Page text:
Despite it being lower than the Temple of the Sun, the vantage point here allows you to take in the whole of the Teotihuacan site. You get to gaze back at the Temple of the Sun in all its glory as well as look directly down the considerable Avenue of the Dead.
The Palace of Quetzalpapálotl
As you look down the Avenue of the Dead from the Pyramid of the Moon, The Palace of Quetzalpapálotl is one of the nearest structures on the right hand side.
Relatively unremarkable from the exterior, it’s inner courtyard where the magic lies. Intricate carvings grace virtually every surface including pillars and walls and the roof is painted a stunning shade of regal red.
Avenue of the Dead
Now for the long walk down the ominously named Avenue of the Dead. There are pyramids and buildings the whole way down so explore at your leisure.
You’ll also find a high concentration of hawkers down this mile and a half avenue. So if you’re in the market for some keepsakes, this is a good place to get your haggle on. Most of the (numerous) sellers sell exactly the same stuff, so don’t be scared to move on if you don’t like the price.
Patio of the Four Temples
Shortly after you pass the Temple of the Sun on your way down the Avenue of the Dead, you’ll come to the Patio of the Four Temples. It’s a sunken grassy area surrounded by, you guessed it, four more temples.
The museum is well worthy of a visit towards the end of the day, especially if you need to get out of the sun. It’s packed full of incredible artifacts and tells the history of the site in great detail.
Outside the museum there is also a stunning garden full of giant cacti and other interesting plants. It’s a nice place to sit and recuperate for a while after all that walking.
Best Time for Visiting Teotihuacan
Truthfully, this is such an incredible site that there’s no bad time as such for visiting Teotihuacan. That said, it can and does get extremely busy at peak times, so if you’re not a fan of crowds then there are a few things to consider.
Sundays at Teotihuacan are free entry days for Mexican residents which means they tend to get super crowded. It’s by far the busiest day in fact, so if you have a choice in the matter it’s best to avoid Sundays altogether.
Saturdays are also popular being the weekend, but slightly less crowded than Sundays. Tuesdays, Wednesdays, and Thursdays see the least numbers of people visiting Teotihuacan. So if your objective is to avoid the masses then these are your days.
Peak times are between 12 and 4 which is why it’s a great idea to arrive early if possible. That way you get a few hours of relative peace before the madness starts. It’s also far cooler in the morning meaning you won’t be sweating buckets in the midday heat.
Other Tips for Visiting Teotihuacan
The Teotihuacan site is vast and you’ll be trekking up and down large, steep steps for much of the day. Because of this it’s important to dress accordingly. Comfortable shoes and clothes that you would ordinarily wear to walk in will do just fine.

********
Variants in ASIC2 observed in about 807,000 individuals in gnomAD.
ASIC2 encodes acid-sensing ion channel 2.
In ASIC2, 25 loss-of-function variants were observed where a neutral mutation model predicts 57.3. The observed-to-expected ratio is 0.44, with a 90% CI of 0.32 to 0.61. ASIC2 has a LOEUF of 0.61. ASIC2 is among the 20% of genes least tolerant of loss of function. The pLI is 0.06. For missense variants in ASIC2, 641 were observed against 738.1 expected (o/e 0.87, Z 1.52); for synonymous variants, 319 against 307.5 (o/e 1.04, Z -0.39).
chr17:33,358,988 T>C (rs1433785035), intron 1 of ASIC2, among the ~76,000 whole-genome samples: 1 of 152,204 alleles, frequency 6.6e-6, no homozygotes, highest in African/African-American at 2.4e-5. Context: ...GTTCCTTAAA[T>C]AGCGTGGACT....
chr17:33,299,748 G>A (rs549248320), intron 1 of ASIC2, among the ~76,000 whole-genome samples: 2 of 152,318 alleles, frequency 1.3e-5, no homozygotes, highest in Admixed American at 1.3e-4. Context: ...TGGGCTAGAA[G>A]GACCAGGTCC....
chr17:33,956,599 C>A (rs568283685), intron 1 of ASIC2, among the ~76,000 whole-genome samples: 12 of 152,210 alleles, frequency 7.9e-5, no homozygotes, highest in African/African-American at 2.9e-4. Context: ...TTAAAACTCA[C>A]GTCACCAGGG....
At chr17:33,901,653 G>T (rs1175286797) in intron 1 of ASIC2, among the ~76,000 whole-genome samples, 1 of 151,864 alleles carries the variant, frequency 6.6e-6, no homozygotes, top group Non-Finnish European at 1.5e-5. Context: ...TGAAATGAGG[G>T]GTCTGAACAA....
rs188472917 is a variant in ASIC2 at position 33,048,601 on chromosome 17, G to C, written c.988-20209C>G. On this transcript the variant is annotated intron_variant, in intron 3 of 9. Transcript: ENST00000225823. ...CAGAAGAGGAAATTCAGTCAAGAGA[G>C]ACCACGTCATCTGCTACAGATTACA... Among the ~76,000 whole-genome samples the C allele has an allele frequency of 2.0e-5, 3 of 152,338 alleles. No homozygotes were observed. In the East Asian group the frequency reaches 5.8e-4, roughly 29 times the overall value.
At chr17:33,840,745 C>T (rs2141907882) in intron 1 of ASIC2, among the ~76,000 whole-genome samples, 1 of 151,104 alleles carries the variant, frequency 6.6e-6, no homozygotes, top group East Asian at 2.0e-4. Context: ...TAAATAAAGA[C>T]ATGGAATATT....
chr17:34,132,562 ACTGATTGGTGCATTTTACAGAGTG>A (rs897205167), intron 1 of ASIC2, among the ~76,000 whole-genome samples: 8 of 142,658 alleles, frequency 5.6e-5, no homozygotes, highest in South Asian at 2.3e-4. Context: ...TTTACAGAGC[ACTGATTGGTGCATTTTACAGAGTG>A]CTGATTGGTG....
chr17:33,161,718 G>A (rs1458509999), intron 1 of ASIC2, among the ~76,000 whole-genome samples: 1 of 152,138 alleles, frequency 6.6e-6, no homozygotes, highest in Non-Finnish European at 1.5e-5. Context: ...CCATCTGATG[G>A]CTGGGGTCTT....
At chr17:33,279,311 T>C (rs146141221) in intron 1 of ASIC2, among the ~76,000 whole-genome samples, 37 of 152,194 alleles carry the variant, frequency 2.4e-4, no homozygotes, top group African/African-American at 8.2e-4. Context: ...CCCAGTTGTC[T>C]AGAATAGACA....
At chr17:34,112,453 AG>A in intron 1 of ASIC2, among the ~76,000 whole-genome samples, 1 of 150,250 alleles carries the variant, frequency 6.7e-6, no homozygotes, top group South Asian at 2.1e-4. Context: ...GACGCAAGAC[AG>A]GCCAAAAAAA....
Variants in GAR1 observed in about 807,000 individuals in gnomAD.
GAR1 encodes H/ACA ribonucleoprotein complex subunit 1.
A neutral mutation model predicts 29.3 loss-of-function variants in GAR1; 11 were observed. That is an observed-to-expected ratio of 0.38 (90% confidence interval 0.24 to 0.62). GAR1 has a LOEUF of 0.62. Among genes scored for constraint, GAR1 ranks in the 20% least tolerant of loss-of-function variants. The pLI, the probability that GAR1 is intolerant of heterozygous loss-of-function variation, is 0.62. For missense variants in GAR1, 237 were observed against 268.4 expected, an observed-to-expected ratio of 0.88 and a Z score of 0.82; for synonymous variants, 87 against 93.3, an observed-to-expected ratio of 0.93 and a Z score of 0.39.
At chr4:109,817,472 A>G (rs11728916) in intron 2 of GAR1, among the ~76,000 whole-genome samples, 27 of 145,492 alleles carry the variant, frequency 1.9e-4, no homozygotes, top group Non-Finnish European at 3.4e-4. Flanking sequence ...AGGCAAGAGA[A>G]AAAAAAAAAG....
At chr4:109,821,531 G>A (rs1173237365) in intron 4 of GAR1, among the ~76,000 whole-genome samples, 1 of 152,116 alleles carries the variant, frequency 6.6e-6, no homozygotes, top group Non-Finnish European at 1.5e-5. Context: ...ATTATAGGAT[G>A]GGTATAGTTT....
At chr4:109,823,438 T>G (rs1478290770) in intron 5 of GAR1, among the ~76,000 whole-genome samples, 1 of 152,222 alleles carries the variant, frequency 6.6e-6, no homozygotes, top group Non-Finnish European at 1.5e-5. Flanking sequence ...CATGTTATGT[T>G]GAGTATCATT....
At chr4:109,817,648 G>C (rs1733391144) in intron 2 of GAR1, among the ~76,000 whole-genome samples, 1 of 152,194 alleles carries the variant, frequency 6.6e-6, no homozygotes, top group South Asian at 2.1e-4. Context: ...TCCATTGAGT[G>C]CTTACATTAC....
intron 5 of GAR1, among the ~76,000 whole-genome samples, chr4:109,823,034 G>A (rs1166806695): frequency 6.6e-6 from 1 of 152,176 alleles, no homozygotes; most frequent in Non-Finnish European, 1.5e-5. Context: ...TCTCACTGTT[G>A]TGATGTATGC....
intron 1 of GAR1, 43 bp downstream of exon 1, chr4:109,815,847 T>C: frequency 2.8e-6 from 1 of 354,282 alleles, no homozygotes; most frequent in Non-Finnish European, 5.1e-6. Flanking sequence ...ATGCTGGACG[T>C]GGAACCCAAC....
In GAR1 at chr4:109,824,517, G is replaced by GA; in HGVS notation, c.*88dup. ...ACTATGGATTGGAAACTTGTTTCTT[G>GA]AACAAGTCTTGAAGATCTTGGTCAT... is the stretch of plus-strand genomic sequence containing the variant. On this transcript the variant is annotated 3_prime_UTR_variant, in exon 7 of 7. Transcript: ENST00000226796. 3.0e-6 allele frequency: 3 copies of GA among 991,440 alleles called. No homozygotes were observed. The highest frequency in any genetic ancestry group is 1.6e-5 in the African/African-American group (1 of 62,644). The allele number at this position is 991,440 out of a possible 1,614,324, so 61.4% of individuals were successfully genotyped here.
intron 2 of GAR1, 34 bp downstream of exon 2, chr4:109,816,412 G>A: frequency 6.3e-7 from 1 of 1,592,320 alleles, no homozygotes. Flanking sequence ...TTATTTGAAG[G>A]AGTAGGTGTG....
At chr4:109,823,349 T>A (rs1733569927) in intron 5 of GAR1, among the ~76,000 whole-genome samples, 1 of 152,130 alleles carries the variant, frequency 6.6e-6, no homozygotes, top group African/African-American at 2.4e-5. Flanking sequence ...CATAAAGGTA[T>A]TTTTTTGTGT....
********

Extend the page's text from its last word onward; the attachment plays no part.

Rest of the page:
You’re able to leave and reenter Teotihuacan without paying again. This means that you shouldn’t feel captive when it comes to lunch, and it’s probably wise to venture outside the onsite restaurant for both price and quality.
One of the most popular additions to a trip to Teotihuacan is a visit to the famous La Gruta restaurant. It’s just outside Gate 5 and is situated in a cave, and by all accounts is a great experience. However, it’s not cheap and tends to fill up with tour groups.
If you’re after some authentic, reasonably priced fare then you’ll find numerous restaurants on the road that leads to Gate 2. They all serve similar food, it’s decent quality, quick service, and at relatively cheap prices.
As mentioned earlier, Teotihuacan is very open meaning it can be difficult to find shade when you’re in there. If visiting during the warmer months, take plenty of sun cream, a hat, and dress for the weather.
If you have any questions about getting to Teotihuacan from Mexico City, let us know in the comments and we’ll do our best to help. And if you use these instructions to get to Teotihuacan let us know how you enjoyed it!
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Do You Speak Spanish?
It may come a surprise given the size of the place, that outside of the international hotels, many people in Mexico City don’t speak English. Even at some of the major tourist attractions it’s rare. And as for taxi drivers and market stall holders, forget it.
You can of course usually get by, but since we started learning Spanish we found that it has hugely enhanced our travel experiences. Not to mention enabled us to travel around Spanish speaking countries more confidently.
Which is why we’d like to recommend this Travel Spanish Confidence course we took recently. It enabled us move beyond a basic level to being able to communicate effectively in Spanish.
If you don’t know a word of Spanish however, this won’t be for you yet. Better to get started with Duolingo or some basic language classes first.
Don’t Forget Travel Insurance
For a trip to Mexico you need to have a good quality travel insurance in place. Our go travel insurance provider is World Nomads. They have a no bullshit approach to travel insurance policies & are perfect for adventurous travellers like us. Get a quote here:
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**This post was originally published in July 2017 and has been completely revamped to provide you with the most up to date and accurate information**